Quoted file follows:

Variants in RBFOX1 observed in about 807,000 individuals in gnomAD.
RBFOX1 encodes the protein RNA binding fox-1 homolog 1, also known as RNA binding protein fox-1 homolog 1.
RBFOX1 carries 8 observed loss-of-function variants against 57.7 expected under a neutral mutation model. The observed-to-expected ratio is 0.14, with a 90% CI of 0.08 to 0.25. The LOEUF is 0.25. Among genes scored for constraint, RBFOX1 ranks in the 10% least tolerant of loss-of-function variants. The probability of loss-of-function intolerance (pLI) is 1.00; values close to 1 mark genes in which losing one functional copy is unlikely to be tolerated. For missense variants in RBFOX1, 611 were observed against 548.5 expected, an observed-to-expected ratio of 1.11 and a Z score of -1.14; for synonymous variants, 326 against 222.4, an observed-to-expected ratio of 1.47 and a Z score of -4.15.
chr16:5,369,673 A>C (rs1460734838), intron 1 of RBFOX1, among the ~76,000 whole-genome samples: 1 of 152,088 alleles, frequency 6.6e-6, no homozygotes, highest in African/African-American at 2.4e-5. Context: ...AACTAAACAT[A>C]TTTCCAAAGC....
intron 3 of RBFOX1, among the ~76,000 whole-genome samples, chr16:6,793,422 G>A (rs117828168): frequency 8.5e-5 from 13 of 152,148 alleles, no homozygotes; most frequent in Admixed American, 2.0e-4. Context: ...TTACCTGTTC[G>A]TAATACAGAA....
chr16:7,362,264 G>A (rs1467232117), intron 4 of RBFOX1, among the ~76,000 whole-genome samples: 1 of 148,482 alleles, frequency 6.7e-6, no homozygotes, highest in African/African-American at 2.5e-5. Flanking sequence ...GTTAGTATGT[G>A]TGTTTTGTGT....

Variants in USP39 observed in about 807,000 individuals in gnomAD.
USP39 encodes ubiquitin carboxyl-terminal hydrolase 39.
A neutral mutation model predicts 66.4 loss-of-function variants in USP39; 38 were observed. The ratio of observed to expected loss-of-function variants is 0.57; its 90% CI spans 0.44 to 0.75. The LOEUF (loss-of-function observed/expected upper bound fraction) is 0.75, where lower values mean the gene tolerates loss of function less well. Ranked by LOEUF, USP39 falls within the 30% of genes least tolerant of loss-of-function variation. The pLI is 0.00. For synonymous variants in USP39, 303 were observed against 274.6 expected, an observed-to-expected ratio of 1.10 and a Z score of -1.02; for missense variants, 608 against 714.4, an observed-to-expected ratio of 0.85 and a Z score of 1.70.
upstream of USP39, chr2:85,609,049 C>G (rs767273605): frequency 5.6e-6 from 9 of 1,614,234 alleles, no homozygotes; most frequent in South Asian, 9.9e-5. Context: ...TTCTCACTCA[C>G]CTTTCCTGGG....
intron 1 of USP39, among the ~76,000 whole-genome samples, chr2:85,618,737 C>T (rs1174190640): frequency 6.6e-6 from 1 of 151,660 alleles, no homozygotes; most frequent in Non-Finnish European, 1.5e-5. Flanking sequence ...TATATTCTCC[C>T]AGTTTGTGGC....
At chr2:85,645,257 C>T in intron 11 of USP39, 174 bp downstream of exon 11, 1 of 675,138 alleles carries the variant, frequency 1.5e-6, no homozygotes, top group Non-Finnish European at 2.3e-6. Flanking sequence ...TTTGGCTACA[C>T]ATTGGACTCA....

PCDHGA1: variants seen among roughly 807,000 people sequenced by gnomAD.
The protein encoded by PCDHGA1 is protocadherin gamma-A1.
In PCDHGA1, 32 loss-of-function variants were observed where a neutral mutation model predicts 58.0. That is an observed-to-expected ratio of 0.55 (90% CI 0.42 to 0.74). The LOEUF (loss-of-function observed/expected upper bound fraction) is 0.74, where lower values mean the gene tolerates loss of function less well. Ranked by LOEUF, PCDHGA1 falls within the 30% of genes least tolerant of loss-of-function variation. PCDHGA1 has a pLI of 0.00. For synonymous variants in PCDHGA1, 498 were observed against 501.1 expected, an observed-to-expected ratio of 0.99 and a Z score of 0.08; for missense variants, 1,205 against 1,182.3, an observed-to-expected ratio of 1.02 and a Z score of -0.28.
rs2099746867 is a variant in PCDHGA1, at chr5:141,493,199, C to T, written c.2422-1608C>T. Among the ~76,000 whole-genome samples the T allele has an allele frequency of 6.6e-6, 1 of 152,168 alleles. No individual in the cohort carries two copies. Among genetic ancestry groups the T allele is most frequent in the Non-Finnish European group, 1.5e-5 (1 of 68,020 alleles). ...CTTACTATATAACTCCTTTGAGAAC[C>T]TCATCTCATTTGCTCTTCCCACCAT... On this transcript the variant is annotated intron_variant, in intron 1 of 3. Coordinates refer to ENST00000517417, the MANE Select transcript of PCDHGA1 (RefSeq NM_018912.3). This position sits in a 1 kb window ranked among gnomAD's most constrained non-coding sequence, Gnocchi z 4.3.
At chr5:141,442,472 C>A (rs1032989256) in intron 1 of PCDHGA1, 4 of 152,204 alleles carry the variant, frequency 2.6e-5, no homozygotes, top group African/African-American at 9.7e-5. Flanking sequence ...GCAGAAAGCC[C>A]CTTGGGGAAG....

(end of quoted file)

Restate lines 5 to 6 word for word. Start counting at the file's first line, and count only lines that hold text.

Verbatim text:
intron 3 of RBFOX1, among the ~76,000 whole-genome samples, chr16:6,793,422 G>A (rs117828168): frequency 8.5e-5 from 13 of 152,148 alleles, no homozygotes; most frequent in Admixed American, 2.0e-4. Context: ...TTACCTGTTC[G>A]TAATACAGAA....
chr16:7,362,264 G>A (rs1467232117), intron 4 of RBFOX1, among the ~76,000 whole-genome samples: 1 of 148,482 alleles, frequency 6.7e-6, no homozygotes, highest in African/African-American at 2.5e-5. Flanking sequence ...GTTAGTATGT[G>A]TGTTTTGTGT....